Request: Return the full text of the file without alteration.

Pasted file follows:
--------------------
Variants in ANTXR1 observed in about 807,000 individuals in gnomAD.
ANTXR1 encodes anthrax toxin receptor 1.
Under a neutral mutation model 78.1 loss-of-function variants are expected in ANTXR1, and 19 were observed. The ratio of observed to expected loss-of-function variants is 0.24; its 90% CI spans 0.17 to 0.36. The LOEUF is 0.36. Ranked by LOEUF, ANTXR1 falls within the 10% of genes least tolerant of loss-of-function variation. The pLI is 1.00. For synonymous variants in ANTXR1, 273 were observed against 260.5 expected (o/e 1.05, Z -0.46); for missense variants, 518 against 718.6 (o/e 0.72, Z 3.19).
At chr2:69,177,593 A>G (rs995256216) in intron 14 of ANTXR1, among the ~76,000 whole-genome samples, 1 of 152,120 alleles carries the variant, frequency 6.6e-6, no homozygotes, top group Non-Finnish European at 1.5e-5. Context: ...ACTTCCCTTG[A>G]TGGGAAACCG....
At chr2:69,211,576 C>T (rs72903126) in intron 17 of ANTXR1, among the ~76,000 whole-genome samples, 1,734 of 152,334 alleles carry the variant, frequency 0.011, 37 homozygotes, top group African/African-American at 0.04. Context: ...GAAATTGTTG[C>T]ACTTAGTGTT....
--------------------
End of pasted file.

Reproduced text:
Variants in ANTXR1 observed in about 807,000 individuals in gnomAD.
ANTXR1 encodes anthrax toxin receptor 1.
Under a neutral mutation model 78.1 loss-of-function variants are expected in ANTXR1, and 19 were observed. The ratio of observed to expected loss-of-function variants is 0.24; its 90% CI spans 0.17 to 0.36. The LOEUF is 0.36. Ranked by LOEUF, ANTXR1 falls within the 10% of genes least tolerant of loss-of-function variation. The pLI is 1.00. For synonymous variants in ANTXR1, 273 were observed against 260.5 expected (o/e 1.05, Z -0.46); for missense variants, 518 against 718.6 (o/e 0.72, Z 3.19).
At chr2:69,177,593 A>G (rs995256216) in intron 14 of ANTXR1, among the ~76,000 whole-genome samples, 1 of 152,120 alleles carries the variant, frequency 6.6e-6, no homozygotes, top group Non-Finnish European at 1.5e-5. Context: ...ACTTCCCTTG[A>G]TGGGAAACCG....
At chr2:69,211,576 C>T (rs72903126) in intron 17 of ANTXR1, among the ~76,000 whole-genome samples, 1,734 of 152,334 alleles carry the variant, frequency 0.011, 37 homozygotes, top group African/African-American at 0.04. Context: ...GAAATTGTTG[C>T]ACTTAGTGTT....